Thursday, 14 July 2011

Tin the Park review!

Last weekend i popped over to Balado for T in the Park and wrote about it for The Skinny - there's a massive review over on the site with the contributions of three other writers weaved in as well, but i've posted the sections that i wrote below:

We’ve seen the minds of a generation destroyed by tonic wine and overstimulation, hysterical and half-naked, dragging themselves through lagoons craving unsoiled beer tokens; girls in what first appear peculiarly-patterned tights, which are in fact bare skin caked in Sunday's mud; an ungodly swill that provokes declarations of eternal gratitude to the Duke of Wellington and his wonderful footwear. We’ve seen fools diving into the hell-soup, emerging smiling; a toilet policy best summarised as ‘stop and squat’; and fallen comrades with inflatable penises for headstones, passed out and awaiting a Monday morning resurrection.

But wipe the bilge from your brow and blink out the rain, because standard festival primitivism apart, T put on one heck of a show for Balado’s migrant population. There’s déjà vu in the choice of headliners, but you can’t accuse Foo Fighters or Coldplay of half-arsing what is now their bread and butter; and while there’s a sense that, in attempting to cater to every possible market, the organisers are stuck in a lucrative but generic middle ground which has space for more interesting bookings, but not always the crowds, such criticism is moot. Behold it as it is meant to be beholden; a behemoth in every sense, with a line-up of suitable proportions. Here’s what grabbed our attention this year…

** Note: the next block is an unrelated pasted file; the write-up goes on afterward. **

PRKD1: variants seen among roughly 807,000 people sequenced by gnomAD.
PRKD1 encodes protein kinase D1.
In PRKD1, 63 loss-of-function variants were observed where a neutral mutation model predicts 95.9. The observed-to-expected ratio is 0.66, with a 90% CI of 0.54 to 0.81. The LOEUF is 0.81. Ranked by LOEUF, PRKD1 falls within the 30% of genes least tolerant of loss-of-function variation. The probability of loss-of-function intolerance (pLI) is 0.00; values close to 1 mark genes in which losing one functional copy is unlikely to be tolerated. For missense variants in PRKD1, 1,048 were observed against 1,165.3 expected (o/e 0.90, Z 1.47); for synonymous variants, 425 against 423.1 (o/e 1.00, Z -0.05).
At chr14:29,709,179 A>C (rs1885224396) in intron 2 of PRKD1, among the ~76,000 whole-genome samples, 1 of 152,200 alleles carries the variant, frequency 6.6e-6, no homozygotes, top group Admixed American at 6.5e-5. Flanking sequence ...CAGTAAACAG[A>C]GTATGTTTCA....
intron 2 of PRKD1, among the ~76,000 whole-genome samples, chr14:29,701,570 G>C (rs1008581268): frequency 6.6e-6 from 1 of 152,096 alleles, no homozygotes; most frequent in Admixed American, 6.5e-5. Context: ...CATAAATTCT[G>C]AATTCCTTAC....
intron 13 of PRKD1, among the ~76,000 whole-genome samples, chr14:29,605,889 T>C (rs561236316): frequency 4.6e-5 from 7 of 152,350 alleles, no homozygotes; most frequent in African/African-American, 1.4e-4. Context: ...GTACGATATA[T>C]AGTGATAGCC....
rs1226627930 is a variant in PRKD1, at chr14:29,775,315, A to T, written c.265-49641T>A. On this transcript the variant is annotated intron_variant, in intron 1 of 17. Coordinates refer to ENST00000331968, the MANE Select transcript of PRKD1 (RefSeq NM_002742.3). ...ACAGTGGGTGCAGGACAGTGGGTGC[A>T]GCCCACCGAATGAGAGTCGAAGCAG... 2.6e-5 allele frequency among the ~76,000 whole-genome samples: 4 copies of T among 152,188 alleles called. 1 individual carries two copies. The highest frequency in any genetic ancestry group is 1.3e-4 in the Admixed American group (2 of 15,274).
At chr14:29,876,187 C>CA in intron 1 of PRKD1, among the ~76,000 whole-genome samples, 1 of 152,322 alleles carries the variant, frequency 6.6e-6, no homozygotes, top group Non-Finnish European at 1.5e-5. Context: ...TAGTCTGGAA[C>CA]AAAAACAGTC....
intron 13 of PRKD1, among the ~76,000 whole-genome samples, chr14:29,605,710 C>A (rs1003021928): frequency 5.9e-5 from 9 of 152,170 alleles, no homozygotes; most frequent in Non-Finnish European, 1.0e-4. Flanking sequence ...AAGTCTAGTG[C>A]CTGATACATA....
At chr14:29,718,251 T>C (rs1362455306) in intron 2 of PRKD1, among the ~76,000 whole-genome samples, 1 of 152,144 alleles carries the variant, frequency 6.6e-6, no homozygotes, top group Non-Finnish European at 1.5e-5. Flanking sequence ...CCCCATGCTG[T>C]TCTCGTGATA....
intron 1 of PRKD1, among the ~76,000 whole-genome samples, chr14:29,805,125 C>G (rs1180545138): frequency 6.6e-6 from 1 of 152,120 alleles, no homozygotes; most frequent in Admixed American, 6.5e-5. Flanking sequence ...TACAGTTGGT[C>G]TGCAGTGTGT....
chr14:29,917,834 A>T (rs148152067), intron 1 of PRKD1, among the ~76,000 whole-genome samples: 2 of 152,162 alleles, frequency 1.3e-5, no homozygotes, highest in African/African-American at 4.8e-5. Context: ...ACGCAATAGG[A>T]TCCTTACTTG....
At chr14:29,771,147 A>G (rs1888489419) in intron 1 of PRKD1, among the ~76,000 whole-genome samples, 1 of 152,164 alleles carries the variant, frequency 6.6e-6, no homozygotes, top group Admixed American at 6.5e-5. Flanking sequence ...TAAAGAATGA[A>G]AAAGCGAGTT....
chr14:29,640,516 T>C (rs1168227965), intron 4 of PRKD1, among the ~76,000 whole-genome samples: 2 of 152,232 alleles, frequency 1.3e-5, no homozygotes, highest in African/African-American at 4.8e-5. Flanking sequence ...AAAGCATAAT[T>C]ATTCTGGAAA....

While it means having to acclimatise quickly to the smell (rather than adjusting gradually in tandem with your own aroma’s maturation), Clanadonia make me glad I missed Friday’s fun: all T in the Parks should begin with tattooed, beardy mountain men bellowing at the crowd to ‘gie’s a hond’ with drum and bagpipe pieces with titles like ‘Hamster Heid’. Daft and disconcerting, they successfully break through the morning stupor.

When you’ve got half an hour to impress, at a time when most punters are yet to appear/arrive, a bold visual entrance helps focus attention no end. Fight Like Apes understand this, with three quarters of the band donning full body lycra before taking their place amidst painted mannequins. Part two of Operation Make Everyone Give a Shit is playing an in-your-face set that bounds about all over the place with enviable energy and cheeky lyrics; who wouldn’t get behind a song with the refrain ‘goodness me it’s fish n chips’?

Oh Patrick Wolf, you flirt – donning a kilt to appeal to national pride is one thing, but climbing the barriers to properly mingle with the great unwashed? Well that’s against protocol, leading to a swarm surrounding the showman to his evident delight. The Libertine is a low key highlight, but Lupercalia rules the roost, and its high-drama power-balladry proves strikingly effective in this context, with Bermondsey Street and a closing The City particularly resplendent. Also: bonus points for using an instrument that looks like the Cosmic Key from Masters of the Universe.